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My Grandfather Would Have Shot Me: A Black Woman Discovers Her Family's Nazi Past (by Jennifer Teege, Nikola Sellmair)

Hodder & Stoughton (24 Sep, 2015)

When Jennifer Teege, a German-Nigerian woman, happened to pluck a library book from the shelf, she had no idea that her life would be irrevocably altered. Recognising photos of her mother and grandmother in the book, she discovers a horrifying fact: Her grandfather was Amon Goeth, the vicious Nazi commandant chillingly depicted by Ralph Fiennes in Schindler's List - a man known and reviled the world over. ...

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The House That Nino Built (by Don Camillo)

Victor Gollancz (30 Nov, -0001)

Collected vignettes featuring a stylized version of the Don Camillo author's family and painting a humorous picture of middle-class life in post-War Italy. The stories, translated by Frances Frenaye, originally appeared in Italian periodicals.

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A Field Full of Butterflies: Memories of a Romany Childhood (by Rosemary Penfold)

Orion (14 Apr, 2011)

Rosemary Penfold was born in 1938 in a traditional Gypsy wagon, and grew up in the fields of the English countryside. In this beautiful and evocative memoir, she recounts her life within a loving extended family and small but close-knit community. From early memories of her father bringing home oranges during the war, to the simple beauty of a field full of butterflies on a hot summer's day, Rosemary's stun ...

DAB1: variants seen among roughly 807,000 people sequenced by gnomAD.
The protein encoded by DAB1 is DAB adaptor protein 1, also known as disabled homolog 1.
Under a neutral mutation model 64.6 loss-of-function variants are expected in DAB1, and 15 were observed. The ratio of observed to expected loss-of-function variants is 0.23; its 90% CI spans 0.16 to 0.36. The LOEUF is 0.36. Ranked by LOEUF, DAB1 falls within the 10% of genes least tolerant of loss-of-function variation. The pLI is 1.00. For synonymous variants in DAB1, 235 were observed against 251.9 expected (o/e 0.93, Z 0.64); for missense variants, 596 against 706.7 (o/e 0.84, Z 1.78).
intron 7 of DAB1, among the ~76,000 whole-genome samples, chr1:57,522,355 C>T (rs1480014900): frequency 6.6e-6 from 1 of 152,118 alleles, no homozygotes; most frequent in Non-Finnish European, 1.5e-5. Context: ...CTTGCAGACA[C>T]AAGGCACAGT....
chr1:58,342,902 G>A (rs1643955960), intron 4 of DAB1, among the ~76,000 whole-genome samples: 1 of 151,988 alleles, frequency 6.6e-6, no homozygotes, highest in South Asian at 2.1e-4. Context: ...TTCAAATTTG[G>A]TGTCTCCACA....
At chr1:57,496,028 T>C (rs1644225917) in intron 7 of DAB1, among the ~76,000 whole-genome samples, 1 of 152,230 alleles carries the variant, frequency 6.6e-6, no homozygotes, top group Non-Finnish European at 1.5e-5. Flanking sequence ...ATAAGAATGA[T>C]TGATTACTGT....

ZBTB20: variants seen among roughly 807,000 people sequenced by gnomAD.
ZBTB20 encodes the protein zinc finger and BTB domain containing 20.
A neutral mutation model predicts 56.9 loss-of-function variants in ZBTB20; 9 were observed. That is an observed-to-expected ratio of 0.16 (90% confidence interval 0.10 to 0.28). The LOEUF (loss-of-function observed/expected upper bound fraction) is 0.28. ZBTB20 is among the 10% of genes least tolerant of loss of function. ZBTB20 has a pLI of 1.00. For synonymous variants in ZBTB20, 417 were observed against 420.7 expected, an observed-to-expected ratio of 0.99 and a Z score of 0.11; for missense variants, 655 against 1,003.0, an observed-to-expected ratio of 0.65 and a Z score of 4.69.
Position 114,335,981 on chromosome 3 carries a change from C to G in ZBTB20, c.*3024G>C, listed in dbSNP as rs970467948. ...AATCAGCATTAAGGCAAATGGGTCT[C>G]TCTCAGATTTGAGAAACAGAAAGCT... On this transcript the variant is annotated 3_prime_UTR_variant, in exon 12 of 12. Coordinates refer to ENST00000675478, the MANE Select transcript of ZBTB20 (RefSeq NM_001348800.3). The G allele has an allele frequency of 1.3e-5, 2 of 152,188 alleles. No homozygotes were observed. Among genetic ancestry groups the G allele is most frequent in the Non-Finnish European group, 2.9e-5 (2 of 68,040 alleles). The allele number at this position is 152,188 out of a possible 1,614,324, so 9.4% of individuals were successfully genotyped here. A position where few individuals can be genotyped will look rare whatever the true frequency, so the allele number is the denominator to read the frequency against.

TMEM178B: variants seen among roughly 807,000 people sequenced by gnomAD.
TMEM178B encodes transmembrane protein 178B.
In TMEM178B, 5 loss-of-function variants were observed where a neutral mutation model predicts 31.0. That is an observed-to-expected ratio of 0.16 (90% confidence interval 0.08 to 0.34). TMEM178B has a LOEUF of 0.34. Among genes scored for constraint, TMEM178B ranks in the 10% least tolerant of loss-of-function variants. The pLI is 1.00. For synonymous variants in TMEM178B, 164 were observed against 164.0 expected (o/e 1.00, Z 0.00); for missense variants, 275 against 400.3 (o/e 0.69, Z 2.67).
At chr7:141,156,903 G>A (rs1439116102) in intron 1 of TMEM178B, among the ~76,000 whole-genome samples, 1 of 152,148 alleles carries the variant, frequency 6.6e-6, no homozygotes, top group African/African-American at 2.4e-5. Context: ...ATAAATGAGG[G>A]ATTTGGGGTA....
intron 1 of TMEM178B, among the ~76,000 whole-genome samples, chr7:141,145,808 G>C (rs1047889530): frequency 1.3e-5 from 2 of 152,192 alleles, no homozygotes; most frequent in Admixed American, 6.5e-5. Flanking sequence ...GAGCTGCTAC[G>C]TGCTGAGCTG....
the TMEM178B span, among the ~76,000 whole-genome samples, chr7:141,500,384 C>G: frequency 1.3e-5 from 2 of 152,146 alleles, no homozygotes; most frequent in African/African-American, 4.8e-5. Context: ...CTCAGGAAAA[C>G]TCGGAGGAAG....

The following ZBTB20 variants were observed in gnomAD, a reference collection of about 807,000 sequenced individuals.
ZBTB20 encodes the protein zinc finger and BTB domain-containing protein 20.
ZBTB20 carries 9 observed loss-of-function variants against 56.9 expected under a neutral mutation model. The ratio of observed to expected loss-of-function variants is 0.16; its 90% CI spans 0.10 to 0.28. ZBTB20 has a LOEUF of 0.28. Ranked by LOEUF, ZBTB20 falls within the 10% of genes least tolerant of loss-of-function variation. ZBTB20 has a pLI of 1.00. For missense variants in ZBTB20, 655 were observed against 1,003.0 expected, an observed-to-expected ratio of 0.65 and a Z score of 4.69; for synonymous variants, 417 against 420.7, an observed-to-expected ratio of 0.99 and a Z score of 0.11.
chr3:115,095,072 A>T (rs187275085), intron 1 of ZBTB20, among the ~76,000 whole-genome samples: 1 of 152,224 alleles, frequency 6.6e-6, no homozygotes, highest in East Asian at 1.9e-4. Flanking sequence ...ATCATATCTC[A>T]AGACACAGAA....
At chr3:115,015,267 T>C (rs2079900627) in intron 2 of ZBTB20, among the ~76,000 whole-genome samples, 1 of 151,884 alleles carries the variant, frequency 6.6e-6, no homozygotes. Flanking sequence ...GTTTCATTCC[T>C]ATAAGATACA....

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The Housekeeper's Tale: The Women Who Really Ran the English Country House (by Tessa Boase)

Aurum Press Ltd (12 Mar, 2015)

Working as a housekeeper was one of the most prestigious jobs a nineteenth and early twentieth century woman could want – and also one of the toughest. A far cry from the Downton Abbey fiction, the real life Mrs Hughes was up against capricious mistresses, low pay, no job security and gruelling physical labour. Until now, her story has never been told. The Housekeeper’s Tale reveals the personal sacrifi ...

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Broken and Betrayed: The true story of the Rotherham abuse scandal by the woman who fought to expose (by Jayne Senior)

Pan (24 Mar, 2016)

For fourteen years, Jayne Senior tried to help girls from Rotherham who had been groomed, raped, tortured, pimped and threatened with violence by sex traffickers. As the manager of Risky Business, which was set up to work with vulnerable teens, she heard heartbreaking and shocking stories of abuse and assiduously kept notes and details of the perpetrators, passing information on to the authorities in the be ...

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The Invisible Wall (by Harry Bernstein)

Arrow (01 Nov, 2007)

The Invisible Wall Harry Bernsteins' childhood in the industrial north of England in the shadow of the First World War is one of hardship and hostility. His brutish father spends what little he earns at the tailoring shop on drink, while his devoted mother survives on her dreams. This is a story of working class life and the daily struggle to make ends meet.